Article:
St. George enacts daytime watering ban

Last updated: 06-03-2018

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St. George enacts daytime watering ban

ST. GEORGE – As higher temperatures roll in, so too do the annual watering restrictions implemented by the city.

During a meeting Thursday, the St. George City Council approved a request to enact the mandatory restrictions limiting outdoor watering with the city’s culinary (or drinkable) water to between 8 p.m. and 8 a.m.

“This helps us use less water and keep our lawns healthy,” said Rene Fleming, the city’s energy and water resources coordinator. “As it gets hot in the summer we lose so much water to evaporation.”

It has been estimated that 60 percent of the culinary water used in the city during the summer months goes toward outdoor watering.

While mandatory, the water restrictions do not have any fines or penalties attached.

“There never have been any penalties attached to it, so it’s been an educational thing,” Fleming said.

Offenders are typically reported by neighbors or city work crews passing through the area, she said.

The individuals are contacted by the city and shown ways they can be more water efficient. It may be a simple matter of adjusting the times the sprinklers are in use.

Most people comply once they learn they’re in violation of the city’s ordinance, Fleming said.

Some residents have expressed frustration over the lack of penalties, Fleming acknowledged, adding she also wishes there was an enforceable mechanism in place that would help remind to water at night or early-morning.

The annual daytime watering restrictions are typically enacted in May and last through September or October, depending on when temperatures finally go down.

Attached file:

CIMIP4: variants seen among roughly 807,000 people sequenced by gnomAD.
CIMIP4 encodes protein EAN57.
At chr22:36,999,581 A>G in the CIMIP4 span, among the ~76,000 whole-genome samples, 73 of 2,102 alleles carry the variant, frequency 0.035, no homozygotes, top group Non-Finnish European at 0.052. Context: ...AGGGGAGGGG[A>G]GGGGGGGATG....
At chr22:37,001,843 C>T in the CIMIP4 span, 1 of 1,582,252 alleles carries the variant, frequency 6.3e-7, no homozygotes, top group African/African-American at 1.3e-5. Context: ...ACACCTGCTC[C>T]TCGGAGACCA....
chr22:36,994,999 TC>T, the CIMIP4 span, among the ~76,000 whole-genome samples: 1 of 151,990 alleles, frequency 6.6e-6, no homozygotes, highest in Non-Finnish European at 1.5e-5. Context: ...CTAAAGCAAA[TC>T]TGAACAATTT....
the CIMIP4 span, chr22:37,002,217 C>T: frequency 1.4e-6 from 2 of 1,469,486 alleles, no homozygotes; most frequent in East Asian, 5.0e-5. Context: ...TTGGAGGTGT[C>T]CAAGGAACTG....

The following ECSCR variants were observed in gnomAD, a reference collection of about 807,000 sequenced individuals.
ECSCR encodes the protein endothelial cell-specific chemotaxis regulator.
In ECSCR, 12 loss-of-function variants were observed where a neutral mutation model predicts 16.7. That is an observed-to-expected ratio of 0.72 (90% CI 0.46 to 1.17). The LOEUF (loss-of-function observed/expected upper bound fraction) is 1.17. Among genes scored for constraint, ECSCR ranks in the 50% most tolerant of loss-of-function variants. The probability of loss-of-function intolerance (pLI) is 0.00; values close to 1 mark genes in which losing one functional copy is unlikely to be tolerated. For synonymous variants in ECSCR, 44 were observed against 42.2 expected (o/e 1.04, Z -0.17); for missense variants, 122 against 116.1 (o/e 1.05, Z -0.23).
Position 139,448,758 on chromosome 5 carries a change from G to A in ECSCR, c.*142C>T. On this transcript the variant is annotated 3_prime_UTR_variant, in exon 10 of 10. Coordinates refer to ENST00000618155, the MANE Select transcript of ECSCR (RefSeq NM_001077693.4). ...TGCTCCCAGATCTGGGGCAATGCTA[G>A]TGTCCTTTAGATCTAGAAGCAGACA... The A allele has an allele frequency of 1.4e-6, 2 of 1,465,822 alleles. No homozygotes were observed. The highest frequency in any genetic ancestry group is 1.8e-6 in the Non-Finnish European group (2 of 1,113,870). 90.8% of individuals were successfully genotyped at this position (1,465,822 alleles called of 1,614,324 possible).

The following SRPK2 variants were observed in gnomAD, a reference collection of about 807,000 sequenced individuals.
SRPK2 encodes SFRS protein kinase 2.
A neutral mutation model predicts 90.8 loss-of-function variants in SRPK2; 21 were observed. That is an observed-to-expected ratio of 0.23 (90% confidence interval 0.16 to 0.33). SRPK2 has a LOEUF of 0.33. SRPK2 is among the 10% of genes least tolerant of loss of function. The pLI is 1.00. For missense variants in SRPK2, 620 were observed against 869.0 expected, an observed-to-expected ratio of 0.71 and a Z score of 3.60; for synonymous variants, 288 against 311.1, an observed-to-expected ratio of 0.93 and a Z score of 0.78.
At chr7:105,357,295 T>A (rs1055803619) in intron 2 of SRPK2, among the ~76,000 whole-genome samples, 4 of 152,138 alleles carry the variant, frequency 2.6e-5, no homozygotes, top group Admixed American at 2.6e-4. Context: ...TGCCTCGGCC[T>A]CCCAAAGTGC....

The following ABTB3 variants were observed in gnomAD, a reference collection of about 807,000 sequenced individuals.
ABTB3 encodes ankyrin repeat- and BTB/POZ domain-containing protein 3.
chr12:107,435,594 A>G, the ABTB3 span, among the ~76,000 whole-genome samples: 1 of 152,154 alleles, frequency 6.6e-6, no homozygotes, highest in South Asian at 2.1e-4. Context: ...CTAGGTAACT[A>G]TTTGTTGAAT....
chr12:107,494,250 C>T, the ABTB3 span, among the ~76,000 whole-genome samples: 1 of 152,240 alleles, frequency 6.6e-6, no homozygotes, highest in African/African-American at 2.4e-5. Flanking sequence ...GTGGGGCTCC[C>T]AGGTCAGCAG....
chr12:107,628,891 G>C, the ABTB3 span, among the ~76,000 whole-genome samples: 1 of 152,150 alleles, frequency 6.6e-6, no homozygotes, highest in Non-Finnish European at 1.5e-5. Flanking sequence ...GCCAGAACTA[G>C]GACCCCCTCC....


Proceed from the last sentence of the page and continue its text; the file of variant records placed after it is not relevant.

It is often asked whether restrictions apply to water used by large facilities like parks, cemeteries, golf courses, some schools and Dixie State University.

The 12-hour watering ban doesn’t apply there because the water these facilities and areas use is irrigation-quality. The system also has “much less production and storage capacity” when compared to the city’s culinary system, Fleming said, so they like to use the water as it is available.

This water is generally made up of reused water that is a mix of Virgin River water, brackish well water and treated effluent water from the city’s waste water treatment plant.

“It is a more efficient use of our water resources to have those facilities use irrigation-quality water rather than irrigate at night with high-quality drinking water,” water officials and Fleming have previously stated.

People who would like to learn how to water their lawns more efficiently can schedule a Free Water Check through the Washington County Water Conservancy by calling 435-673-3617.


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